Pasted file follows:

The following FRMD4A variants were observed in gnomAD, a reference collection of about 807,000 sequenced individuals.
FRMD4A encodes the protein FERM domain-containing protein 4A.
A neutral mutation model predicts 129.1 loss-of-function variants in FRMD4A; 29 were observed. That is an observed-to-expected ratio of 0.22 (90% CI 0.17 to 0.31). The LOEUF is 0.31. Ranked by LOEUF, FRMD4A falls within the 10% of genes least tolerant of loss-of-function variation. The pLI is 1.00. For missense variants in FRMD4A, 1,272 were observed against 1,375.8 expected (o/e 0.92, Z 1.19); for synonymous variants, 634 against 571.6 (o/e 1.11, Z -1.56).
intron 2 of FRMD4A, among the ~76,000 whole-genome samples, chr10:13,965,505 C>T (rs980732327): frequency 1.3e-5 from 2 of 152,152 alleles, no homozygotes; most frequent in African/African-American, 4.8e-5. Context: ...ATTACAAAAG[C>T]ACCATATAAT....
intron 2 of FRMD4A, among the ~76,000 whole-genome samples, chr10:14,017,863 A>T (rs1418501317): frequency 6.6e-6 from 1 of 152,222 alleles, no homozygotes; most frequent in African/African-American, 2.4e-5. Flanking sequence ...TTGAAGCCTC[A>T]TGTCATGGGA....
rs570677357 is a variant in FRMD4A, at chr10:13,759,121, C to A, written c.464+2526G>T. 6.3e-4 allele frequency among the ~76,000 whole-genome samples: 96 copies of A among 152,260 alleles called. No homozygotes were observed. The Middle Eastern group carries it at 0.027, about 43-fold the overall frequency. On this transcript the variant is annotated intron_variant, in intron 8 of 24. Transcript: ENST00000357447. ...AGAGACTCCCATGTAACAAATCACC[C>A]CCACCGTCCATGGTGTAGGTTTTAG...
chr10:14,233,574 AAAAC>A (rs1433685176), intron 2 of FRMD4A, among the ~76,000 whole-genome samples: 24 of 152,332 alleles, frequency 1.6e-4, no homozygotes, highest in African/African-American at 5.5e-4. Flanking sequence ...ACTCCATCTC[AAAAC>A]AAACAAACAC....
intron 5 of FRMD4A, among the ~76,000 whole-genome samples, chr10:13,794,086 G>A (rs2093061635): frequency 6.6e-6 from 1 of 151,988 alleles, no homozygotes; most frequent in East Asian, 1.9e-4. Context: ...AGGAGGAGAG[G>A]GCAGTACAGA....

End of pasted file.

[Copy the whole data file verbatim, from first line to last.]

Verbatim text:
The following FRMD4A variants were observed in gnomAD, a reference collection of about 807,000 sequenced individuals.
FRMD4A encodes the protein FERM domain-containing protein 4A.
A neutral mutation model predicts 129.1 loss-of-function variants in FRMD4A; 29 were observed. That is an observed-to-expected ratio of 0.22 (90% CI 0.17 to 0.31). The LOEUF is 0.31. Ranked by LOEUF, FRMD4A falls within the 10% of genes least tolerant of loss-of-function variation. The pLI is 1.00. For missense variants in FRMD4A, 1,272 were observed against 1,375.8 expected (o/e 0.92, Z 1.19); for synonymous variants, 634 against 571.6 (o/e 1.11, Z -1.56).
intron 2 of FRMD4A, among the ~76,000 whole-genome samples, chr10:13,965,505 C>T (rs980732327): frequency 1.3e-5 from 2 of 152,152 alleles, no homozygotes; most frequent in African/African-American, 4.8e-5. Context: ...ATTACAAAAG[C>T]ACCATATAAT....
intron 2 of FRMD4A, among the ~76,000 whole-genome samples, chr10:14,017,863 A>T (rs1418501317): frequency 6.6e-6 from 1 of 152,222 alleles, no homozygotes; most frequent in African/African-American, 2.4e-5. Flanking sequence ...TTGAAGCCTC[A>T]TGTCATGGGA....
rs570677357 is a variant in FRMD4A, at chr10:13,759,121, C to A, written c.464+2526G>T. 6.3e-4 allele frequency among the ~76,000 whole-genome samples: 96 copies of A among 152,260 alleles called. No homozygotes were observed. The Middle Eastern group carries it at 0.027, about 43-fold the overall frequency. On this transcript the variant is annotated intron_variant, in intron 8 of 24. Transcript: ENST00000357447. ...AGAGACTCCCATGTAACAAATCACC[C>A]CCACCGTCCATGGTGTAGGTTTTAG...
chr10:14,233,574 AAAAC>A (rs1433685176), intron 2 of FRMD4A, among the ~76,000 whole-genome samples: 24 of 152,332 alleles, frequency 1.6e-4, no homozygotes, highest in African/African-American at 5.5e-4. Flanking sequence ...ACTCCATCTC[AAAAC>A]AAACAAACAC....
intron 5 of FRMD4A, among the ~76,000 whole-genome samples, chr10:13,794,086 G>A (rs2093061635): frequency 6.6e-6 from 1 of 151,988 alleles, no homozygotes; most frequent in East Asian, 1.9e-4. Context: ...AGGAGGAGAG[G>A]GCAGTACAGA....